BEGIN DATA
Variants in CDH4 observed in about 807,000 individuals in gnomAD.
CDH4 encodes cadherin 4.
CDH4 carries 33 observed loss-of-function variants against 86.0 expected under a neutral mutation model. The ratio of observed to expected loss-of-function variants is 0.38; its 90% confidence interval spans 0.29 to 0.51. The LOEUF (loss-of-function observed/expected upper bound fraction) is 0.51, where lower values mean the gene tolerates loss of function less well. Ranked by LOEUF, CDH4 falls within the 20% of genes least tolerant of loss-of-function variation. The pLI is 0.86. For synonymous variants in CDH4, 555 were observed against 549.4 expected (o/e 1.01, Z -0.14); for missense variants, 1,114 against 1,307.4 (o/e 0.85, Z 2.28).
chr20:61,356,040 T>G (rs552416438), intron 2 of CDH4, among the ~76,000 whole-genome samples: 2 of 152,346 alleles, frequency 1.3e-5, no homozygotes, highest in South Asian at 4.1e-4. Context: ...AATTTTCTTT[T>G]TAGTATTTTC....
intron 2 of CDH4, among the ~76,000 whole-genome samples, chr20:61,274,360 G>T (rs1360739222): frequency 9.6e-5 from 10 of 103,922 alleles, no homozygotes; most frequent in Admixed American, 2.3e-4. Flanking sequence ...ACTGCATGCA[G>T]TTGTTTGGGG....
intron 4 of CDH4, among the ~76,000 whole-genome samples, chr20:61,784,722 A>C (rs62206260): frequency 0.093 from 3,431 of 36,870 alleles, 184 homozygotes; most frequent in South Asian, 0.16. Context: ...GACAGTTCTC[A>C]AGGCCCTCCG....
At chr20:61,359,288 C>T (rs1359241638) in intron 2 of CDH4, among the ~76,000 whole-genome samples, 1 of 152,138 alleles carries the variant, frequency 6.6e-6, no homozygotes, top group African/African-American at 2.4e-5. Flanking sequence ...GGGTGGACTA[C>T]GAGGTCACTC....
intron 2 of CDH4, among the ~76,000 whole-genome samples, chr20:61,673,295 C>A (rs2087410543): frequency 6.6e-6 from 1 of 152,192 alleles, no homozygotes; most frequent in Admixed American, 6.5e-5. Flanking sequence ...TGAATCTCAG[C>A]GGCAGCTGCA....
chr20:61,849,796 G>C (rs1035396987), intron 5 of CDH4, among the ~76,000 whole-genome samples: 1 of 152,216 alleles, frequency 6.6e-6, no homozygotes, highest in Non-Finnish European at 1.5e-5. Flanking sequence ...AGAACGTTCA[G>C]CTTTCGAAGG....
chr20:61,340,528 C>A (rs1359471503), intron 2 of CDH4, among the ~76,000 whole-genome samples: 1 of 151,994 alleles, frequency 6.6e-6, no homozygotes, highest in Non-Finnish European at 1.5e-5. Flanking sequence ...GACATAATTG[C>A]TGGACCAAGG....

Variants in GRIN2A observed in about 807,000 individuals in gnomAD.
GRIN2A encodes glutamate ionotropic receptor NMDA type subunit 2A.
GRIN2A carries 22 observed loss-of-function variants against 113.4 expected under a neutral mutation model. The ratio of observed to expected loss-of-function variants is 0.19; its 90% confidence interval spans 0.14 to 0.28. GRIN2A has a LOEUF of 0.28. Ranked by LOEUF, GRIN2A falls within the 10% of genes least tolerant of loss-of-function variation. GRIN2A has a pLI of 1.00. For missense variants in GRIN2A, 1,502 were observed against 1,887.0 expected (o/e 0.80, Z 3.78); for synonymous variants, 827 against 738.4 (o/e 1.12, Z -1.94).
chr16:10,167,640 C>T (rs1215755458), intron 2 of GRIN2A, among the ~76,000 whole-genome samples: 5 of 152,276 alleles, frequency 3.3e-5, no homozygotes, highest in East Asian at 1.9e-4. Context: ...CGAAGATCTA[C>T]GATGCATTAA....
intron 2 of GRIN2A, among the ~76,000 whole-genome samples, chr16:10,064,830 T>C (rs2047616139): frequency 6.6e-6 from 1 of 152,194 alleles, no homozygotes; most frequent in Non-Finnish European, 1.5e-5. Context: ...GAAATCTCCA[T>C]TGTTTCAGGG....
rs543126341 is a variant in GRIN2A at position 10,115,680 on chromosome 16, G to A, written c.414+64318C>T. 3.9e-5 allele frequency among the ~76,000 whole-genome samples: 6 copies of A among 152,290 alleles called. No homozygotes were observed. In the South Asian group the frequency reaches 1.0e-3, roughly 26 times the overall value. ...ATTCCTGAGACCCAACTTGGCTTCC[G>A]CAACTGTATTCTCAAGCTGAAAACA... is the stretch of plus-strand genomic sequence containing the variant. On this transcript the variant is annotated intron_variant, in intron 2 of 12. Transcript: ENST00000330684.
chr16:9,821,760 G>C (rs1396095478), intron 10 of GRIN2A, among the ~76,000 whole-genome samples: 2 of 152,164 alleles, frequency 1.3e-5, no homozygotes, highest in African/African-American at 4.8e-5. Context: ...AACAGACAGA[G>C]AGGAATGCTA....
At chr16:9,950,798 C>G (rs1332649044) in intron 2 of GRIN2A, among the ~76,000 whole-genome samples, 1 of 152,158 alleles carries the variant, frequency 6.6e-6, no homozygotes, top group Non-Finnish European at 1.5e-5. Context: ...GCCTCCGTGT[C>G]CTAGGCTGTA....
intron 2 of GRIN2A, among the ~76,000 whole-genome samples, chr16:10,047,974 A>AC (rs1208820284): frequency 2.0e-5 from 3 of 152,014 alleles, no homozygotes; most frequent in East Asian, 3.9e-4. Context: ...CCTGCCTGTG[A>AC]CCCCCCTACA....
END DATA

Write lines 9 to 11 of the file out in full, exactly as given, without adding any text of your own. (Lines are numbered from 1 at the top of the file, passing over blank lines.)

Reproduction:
chr20:61,849,796 G>C (rs1035396987), intron 5 of CDH4, among the ~76,000 whole-genome samples: 1 of 152,216 alleles, frequency 6.6e-6, no homozygotes, highest in Non-Finnish European at 1.5e-5. Flanking sequence ...AGAACGTTCA[G>C]CTTTCGAAGG....
chr20:61,340,528 C>A (rs1359471503), intron 2 of CDH4, among the ~76,000 whole-genome samples: 1 of 151,994 alleles, frequency 6.6e-6, no homozygotes, highest in Non-Finnish European at 1.5e-5. Flanking sequence ...GACATAATTG[C>A]TGGACCAAGG....

Variants in GRIN2A observed in about 807,000 individuals in gnomAD.